ABOVE: A lymph node with B cells labeled yellow and CD4+ T cells in blue.

Just like any skilled workers, many antibody-producing cells require training to do their job proficiently. That education happens in germinal centers, structures in the lymph nodes that form upon infection or vaccination, then disappear after a few weeks. Although our bodies have some antibody-spewing plasmablasts at the ready when they first encounter a new virus, better, longer-lasting antibody-making cells emerge from these lymphoid boot camps.

In what’s described as the dark zone of the germinal center based on its appearance under a microscope, B cells swiftly multiply and diversify into clones that carry differently shaped antibodies. They then drift into the “light zone,” where they face examination by specialized T cells that test their ability to recognize viral protein. This test is tough; imperfect clones are sent back to the dark zone...

A preprint posted to Research Square on March 10 shows that a dozen people who received the Pfizer/BioNTech mRNA vaccine produced potent germinal center responses—the first demonstration that an mRNA vaccine triggers the formation of these key structures in people. Although there was no reason to suspect that the Pfizer vaccine wouldn’t induce germinal centers, proof has so far been elusive. The research provides reassurance that vaccinees will likely have long-lived antibody immunity to SARS-CoV-2.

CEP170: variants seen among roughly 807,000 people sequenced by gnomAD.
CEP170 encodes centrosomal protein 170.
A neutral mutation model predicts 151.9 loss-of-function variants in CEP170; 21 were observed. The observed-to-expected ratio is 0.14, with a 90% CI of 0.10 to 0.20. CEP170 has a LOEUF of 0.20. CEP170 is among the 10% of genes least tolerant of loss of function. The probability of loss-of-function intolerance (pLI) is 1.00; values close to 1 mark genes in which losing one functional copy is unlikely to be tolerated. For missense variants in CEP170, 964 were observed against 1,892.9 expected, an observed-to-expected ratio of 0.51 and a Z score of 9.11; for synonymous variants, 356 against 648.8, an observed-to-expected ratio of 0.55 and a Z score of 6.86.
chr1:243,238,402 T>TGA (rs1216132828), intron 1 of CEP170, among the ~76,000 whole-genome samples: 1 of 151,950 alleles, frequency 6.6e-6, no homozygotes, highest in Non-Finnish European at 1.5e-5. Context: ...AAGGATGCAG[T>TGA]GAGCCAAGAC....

This is what the vaccine is meant to do.

—Ali Ellebedy, Washington University School of Medicine

“I was hoping this response would be there . . . so I was very excited,” remarks immune engineer Ankur Singh of Georgia Tech, who recently got his first dose of the Pfizer vaccine and who wasn’t involved in the research. “I think this is quite an interesting finding [that] a lipid particle–based mRNA vaccine is so nicely inducing these responses, because it has never been shown up until now that it was even a possibility.”

Feeling limited in studying the human immune response just by looking at blood samples, immunologist Ali Ellebedy of Washington University School of Medicine in St. Louis and colleagues began tracking germinal center reactions a few years ago. Guided by ultrasound, they used fine needles to extract cells from the lymph nodes of people who had received a seasonal influenza vaccine with the viral protein hemagglutinin. In that study, they found hemagglutinin-binding germinal center B cells amassing in some participants, sometimes for up to nine weeks after vaccination. When the new COVID-19 vaccines rolled out, the team was ready to investigate whether they would have the same effect. (Ellebedy and some coauthors disclosed various relationships with pharmaceutical companies, including active collaborations with Pfizer, a position on the scientific advisory board of Moderna, and having received funding from both pharma companies. The Washington University School of Medicine has filed a patent application related to the new research.)